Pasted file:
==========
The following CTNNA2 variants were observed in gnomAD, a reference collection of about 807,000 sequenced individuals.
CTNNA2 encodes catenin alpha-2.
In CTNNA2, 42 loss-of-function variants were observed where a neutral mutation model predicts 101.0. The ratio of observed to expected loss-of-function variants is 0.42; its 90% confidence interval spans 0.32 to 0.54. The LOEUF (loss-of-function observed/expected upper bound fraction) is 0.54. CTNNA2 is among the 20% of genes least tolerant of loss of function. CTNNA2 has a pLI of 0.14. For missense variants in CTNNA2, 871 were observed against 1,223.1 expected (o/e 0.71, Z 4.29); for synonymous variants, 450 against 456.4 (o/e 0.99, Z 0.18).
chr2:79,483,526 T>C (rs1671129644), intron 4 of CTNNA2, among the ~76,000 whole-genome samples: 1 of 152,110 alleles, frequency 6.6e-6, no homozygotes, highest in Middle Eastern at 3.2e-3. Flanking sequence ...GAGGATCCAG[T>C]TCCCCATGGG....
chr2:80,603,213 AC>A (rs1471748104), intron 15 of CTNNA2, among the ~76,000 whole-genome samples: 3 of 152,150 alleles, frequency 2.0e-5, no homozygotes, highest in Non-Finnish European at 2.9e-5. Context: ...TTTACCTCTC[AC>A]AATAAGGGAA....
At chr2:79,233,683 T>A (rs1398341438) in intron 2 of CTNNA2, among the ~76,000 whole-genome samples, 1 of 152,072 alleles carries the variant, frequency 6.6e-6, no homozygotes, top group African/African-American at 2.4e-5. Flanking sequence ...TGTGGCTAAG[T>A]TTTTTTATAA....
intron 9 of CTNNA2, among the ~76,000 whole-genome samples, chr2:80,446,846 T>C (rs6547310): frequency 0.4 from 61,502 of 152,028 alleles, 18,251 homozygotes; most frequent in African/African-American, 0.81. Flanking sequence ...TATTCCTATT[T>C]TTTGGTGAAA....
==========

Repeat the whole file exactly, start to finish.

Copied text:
The following CTNNA2 variants were observed in gnomAD, a reference collection of about 807,000 sequenced individuals.
CTNNA2 encodes catenin alpha-2.
In CTNNA2, 42 loss-of-function variants were observed where a neutral mutation model predicts 101.0. The ratio of observed to expected loss-of-function variants is 0.42; its 90% confidence interval spans 0.32 to 0.54. The LOEUF (loss-of-function observed/expected upper bound fraction) is 0.54. CTNNA2 is among the 20% of genes least tolerant of loss of function. CTNNA2 has a pLI of 0.14. For missense variants in CTNNA2, 871 were observed against 1,223.1 expected (o/e 0.71, Z 4.29); for synonymous variants, 450 against 456.4 (o/e 0.99, Z 0.18).
chr2:79,483,526 T>C (rs1671129644), intron 4 of CTNNA2, among the ~76,000 whole-genome samples: 1 of 152,110 alleles, frequency 6.6e-6, no homozygotes, highest in Middle Eastern at 3.2e-3. Flanking sequence ...GAGGATCCAG[T>C]TCCCCATGGG....
chr2:80,603,213 AC>A (rs1471748104), intron 15 of CTNNA2, among the ~76,000 whole-genome samples: 3 of 152,150 alleles, frequency 2.0e-5, no homozygotes, highest in Non-Finnish European at 2.9e-5. Context: ...TTTACCTCTC[AC>A]AATAAGGGAA....
At chr2:79,233,683 T>A (rs1398341438) in intron 2 of CTNNA2, among the ~76,000 whole-genome samples, 1 of 152,072 alleles carries the variant, frequency 6.6e-6, no homozygotes, top group African/African-American at 2.4e-5. Flanking sequence ...TGTGGCTAAG[T>A]TTTTTTATAA....
intron 9 of CTNNA2, among the ~76,000 whole-genome samples, chr2:80,446,846 T>C (rs6547310): frequency 0.4 from 61,502 of 152,028 alleles, 18,251 homozygotes; most frequent in African/African-American, 0.81. Flanking sequence ...TATTCCTATT[T>C]TTTGGTGAAA....